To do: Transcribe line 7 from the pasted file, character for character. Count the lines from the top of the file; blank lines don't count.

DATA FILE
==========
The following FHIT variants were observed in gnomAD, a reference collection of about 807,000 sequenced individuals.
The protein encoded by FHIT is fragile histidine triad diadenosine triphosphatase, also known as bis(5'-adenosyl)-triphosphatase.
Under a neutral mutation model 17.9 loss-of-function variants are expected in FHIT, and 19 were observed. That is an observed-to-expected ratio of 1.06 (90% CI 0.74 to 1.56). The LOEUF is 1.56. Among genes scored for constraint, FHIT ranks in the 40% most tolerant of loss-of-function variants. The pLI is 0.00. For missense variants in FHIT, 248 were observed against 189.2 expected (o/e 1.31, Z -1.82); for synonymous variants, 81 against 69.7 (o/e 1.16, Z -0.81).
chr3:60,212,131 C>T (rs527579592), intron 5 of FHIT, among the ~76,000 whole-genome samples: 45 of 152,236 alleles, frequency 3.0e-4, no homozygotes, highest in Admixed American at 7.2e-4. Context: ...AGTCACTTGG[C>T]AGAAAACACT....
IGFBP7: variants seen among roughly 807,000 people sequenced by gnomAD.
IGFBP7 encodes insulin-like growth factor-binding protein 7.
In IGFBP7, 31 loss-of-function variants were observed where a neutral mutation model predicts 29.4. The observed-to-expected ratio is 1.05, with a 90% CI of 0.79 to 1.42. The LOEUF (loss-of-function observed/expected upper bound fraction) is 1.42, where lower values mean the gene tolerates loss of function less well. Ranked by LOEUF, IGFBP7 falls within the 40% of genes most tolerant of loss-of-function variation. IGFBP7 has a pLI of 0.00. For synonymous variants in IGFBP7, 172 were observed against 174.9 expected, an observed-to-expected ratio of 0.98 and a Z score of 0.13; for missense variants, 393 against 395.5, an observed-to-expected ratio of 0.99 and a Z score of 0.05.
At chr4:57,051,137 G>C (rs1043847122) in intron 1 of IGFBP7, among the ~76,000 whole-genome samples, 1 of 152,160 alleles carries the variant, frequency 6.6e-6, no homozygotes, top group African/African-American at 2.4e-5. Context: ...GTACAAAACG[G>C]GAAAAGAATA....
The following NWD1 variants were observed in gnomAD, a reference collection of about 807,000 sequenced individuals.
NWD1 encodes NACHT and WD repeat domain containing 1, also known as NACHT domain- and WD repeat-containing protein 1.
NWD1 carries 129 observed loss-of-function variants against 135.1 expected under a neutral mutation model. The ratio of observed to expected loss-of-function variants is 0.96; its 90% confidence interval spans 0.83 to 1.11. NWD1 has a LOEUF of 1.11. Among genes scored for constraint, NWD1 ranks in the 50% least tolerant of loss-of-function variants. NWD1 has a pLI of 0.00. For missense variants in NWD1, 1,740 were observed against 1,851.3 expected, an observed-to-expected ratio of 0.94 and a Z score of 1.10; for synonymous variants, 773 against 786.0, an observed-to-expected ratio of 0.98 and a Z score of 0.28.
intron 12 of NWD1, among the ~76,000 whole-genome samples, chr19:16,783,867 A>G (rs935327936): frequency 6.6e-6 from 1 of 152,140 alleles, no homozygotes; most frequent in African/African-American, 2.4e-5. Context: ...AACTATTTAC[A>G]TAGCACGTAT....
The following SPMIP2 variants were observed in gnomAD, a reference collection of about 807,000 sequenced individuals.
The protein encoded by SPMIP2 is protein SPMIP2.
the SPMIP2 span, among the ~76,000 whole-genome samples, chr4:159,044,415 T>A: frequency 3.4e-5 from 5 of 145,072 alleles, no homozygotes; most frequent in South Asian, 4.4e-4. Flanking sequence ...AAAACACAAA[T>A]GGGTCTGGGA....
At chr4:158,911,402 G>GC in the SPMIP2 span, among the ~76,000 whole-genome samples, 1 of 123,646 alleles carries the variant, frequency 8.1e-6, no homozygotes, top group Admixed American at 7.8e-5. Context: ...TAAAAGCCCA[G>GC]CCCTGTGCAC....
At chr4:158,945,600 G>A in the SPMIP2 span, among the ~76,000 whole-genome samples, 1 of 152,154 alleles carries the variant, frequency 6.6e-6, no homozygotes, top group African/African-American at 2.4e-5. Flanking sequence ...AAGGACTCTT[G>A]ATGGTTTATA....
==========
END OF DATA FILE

In IGFBP7, 31 loss-of-function variants were observed where a neutral mutation model predicts 29.4. The observed-to-expected ratio is 1.05, with a 90% CI of 0.79 to 1.42. The LOEUF (loss-of-function observed/expected upper bound fraction) is 1.42, where lower values mean the gene tolerates loss of function less well. Ranked by LOEUF, IGFBP7 falls within the 40% of genes most tolerant of loss-of-function variation. IGFBP7 has a pLI of 0.00. For synonymous variants in IGFBP7, 172 were observed against 174.9 expected, an observed-to-expected ratio of 0.98 and a Z score of 0.13; for missense variants, 393 against 395.5, an observed-to-expected ratio of 0.99 and a Z score of 0.05.